When you think of “innovation,” which businesses come to mind?
Surely Apple, Google, and Amazon make your top list. Over the past decade, each has made great strides, not only in their original industries, but those they’ve expanded into. But what has made them so successful?
Certainly some would argue they have great innovators at the helm, but there’s another contributing factor, and it’s largely environmental: they all have close competitors constantly spurring them on.
Think about it. In addition to Microsoft, Apple also battles closely with Amazon in the music streaming industry. Amazon not only battles booksellers like Barnes and Noble but also takes on major retailers and has begun offering web storage services.
Google has no major competition in the search engine business but is constantly breaking into new markets and spawning growth — think Android Phones, Google Fiber, Google Pixel, Chrome, and Google Home. Each of these companies overlap in fields of business and regional location, so even with a great leader at the helm of each, it's no wonder that the sense of local competition and market dominance has spurred these businesses to constantly create newer and better options.
Over the years, economists have measured how competition spurs innovation, and there are many theories as to why.
What do we know for sure? A bit of competition can be great not only for an industry, but for a business’s growth as well.
The Innovation Incentive
Innovation in a competitive market is dependent on the right kind of competition. An overcrowded market can actually hinder innovation because a broad range of choice spreads marketshare and profits, therefore keeping research and development spending low.
Another caveat to competition is monopolies. A market in which a dominant player overpowers marketshare can hinder innovation, as there’s limited room for entry. (A good example of this is pharmaceutical companies). This can either be the result of patent law, in which the concepts are all patented and too protected, or in the sheer costs to maintain a competitive level.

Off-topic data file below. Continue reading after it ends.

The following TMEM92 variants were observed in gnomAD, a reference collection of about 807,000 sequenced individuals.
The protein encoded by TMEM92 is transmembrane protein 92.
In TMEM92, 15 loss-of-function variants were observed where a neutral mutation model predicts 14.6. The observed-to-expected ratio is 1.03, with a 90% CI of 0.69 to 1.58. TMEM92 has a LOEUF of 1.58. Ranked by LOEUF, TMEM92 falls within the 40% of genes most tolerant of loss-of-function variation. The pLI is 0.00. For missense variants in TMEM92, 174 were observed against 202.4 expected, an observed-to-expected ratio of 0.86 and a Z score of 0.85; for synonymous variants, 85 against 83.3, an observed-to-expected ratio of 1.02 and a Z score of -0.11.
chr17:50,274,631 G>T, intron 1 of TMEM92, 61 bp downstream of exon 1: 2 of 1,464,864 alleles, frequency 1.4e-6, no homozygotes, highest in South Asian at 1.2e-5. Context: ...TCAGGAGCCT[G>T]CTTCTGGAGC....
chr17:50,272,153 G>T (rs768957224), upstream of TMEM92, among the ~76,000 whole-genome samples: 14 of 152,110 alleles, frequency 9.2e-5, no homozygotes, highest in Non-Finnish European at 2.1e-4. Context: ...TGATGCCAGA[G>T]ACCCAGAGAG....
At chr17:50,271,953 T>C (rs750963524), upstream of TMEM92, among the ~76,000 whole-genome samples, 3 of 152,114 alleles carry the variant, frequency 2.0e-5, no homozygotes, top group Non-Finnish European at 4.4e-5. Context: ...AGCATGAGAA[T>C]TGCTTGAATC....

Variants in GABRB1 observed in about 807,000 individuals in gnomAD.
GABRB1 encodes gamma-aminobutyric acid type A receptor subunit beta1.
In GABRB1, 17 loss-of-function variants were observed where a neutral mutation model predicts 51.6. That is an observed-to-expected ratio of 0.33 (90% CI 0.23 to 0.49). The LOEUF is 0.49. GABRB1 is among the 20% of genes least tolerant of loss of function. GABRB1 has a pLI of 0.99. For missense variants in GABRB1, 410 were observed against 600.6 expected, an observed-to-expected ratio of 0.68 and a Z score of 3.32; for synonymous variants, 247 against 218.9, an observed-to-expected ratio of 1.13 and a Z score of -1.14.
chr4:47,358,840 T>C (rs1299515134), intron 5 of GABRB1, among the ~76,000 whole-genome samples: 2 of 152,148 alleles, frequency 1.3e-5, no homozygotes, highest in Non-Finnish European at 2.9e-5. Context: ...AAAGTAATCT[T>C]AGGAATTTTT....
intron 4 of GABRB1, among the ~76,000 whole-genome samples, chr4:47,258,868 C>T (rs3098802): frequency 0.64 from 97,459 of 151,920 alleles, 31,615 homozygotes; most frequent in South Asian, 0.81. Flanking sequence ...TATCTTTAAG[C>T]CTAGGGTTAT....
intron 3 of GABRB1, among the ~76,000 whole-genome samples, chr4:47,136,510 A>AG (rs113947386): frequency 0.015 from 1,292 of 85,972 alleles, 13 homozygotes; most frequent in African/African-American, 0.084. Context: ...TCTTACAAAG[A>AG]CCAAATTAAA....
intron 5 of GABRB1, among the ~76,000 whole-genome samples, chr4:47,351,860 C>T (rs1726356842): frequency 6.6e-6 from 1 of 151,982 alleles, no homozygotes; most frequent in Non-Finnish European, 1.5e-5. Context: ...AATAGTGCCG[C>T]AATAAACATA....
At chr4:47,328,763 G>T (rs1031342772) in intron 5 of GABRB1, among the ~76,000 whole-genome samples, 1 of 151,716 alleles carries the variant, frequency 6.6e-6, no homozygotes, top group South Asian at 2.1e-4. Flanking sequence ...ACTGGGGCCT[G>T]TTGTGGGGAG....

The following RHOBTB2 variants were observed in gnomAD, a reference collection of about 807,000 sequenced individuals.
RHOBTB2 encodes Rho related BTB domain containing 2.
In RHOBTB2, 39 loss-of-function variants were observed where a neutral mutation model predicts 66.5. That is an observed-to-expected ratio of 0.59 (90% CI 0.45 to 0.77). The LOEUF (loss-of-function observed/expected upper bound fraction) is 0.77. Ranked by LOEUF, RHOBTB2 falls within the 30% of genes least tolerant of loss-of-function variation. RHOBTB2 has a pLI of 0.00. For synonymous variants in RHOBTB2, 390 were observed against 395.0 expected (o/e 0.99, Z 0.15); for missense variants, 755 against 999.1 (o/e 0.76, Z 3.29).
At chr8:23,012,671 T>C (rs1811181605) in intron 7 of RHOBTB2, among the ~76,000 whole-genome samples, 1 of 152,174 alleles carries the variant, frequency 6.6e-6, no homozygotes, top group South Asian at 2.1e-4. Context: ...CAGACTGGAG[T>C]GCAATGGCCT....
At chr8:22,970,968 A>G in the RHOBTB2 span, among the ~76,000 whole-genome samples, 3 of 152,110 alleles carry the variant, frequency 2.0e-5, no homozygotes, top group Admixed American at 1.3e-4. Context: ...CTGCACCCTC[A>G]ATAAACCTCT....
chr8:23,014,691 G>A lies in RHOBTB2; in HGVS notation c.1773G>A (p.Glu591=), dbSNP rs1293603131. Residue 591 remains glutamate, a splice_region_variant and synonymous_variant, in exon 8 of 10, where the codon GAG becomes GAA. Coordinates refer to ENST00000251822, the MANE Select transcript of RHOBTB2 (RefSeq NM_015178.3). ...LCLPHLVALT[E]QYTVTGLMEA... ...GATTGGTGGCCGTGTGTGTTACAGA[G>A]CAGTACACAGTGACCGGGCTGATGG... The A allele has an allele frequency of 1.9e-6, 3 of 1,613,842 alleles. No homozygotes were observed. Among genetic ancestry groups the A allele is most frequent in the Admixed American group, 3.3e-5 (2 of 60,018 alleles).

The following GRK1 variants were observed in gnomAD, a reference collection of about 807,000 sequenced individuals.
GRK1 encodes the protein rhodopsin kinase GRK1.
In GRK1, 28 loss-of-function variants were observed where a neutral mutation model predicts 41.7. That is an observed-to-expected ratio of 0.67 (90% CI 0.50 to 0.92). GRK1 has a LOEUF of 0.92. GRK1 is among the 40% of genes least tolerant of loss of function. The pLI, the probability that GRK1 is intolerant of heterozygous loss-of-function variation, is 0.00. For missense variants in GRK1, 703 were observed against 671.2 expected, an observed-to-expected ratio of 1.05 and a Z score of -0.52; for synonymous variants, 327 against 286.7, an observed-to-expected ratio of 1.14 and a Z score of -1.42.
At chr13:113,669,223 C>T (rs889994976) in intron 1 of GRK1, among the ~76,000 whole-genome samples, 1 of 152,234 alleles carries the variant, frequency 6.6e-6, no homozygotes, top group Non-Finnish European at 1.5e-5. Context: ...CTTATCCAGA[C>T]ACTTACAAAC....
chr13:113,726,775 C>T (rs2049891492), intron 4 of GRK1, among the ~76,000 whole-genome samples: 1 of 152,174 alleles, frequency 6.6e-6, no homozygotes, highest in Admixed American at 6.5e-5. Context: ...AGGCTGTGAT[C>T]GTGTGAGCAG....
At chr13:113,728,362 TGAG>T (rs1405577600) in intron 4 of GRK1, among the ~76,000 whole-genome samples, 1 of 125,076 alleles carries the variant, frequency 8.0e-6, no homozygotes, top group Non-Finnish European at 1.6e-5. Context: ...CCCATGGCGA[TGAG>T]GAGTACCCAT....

In these situations, the lack of available marketshare leaves companies seeking to maintain the status quo, while larger businesses with higher marketshare maintain their ration of operating costs to profits. For these businesses, there is no incentive to innovate, as there is no competition to force it.
In reality, the incentive to innovate demands just the right level of engagement in the right kind of market with the right amount of competition. These conditions provide reward for innovation, either in increased marketshare, positive reputation, or business growth.
Take a look at the real estate market in the Dallas area. Dallas is experiencing a huge population boom due to the number of major companies relocating to the area. This has created a new need for housing. Enter developers.
New multifamily complexes going up around the city are striving to be competitive in the crowded market. So much so that luxury amenities have become the norm, and property managers are implementing new ideas to interest potential residents. This happens because of the proximity and abundance of complexes, all looking to make a distinct name for themselves and capitalize on the growth in population.
Becoming an Innovation Hub
Think of the northern region of California around Palo Alto and San Francisco. What kind of industry are they known for? Your mind probably went to Silicon Valley immediately, home to companies like Apple, Google and Facebook.
Is there a business that comes to mind when you think of Seattle? Perhaps Amazon, Expedia, Microsoft? Each of these regions are a hub to specific industry types. And new hubs are growing everyday.
Dallas and Austin are quickly being regarded as new tech hubs, North Carolina has been named “the Research Triangle” meant to entice tech startups, and Colorado has developed a reputation as a potential home for computer storage and biotech companies.
Knowing the overcrowding of Silicon Valley, these regions are all designating areas and seeking out businesses to create tech sectors to rival the innovation Silicon Valley has spurred for the past 20+ years. This forward thinking approach has great benefits for surrounding areas, as well.
Here in Midlothian, we’ve put great emphasis on the development of our Midlothian Business Park, designed as a hub for manufacturing. Why? Because we fully support the idea of proximity and competition. With the movement of larger technology companies and other industry, we expect a high demand for manufacturing and suppliers closer to home.
These suppliers will require the large amounts of land and space we offer, and, in being so close together, can offer innovations and grow with their customers. This strive to do better for a more competitive market benefits all involved.
In Texas, growth is imminent. Businesses are moving to the area at record rates, and the-once urban sprawl is becoming increasingly dense.
For businesses seeking their own growth, this means taking an important look at business needs, location, and competition to discover whether their current location is ideal for this process of innovation and growth, or whether they need to move elsewhere.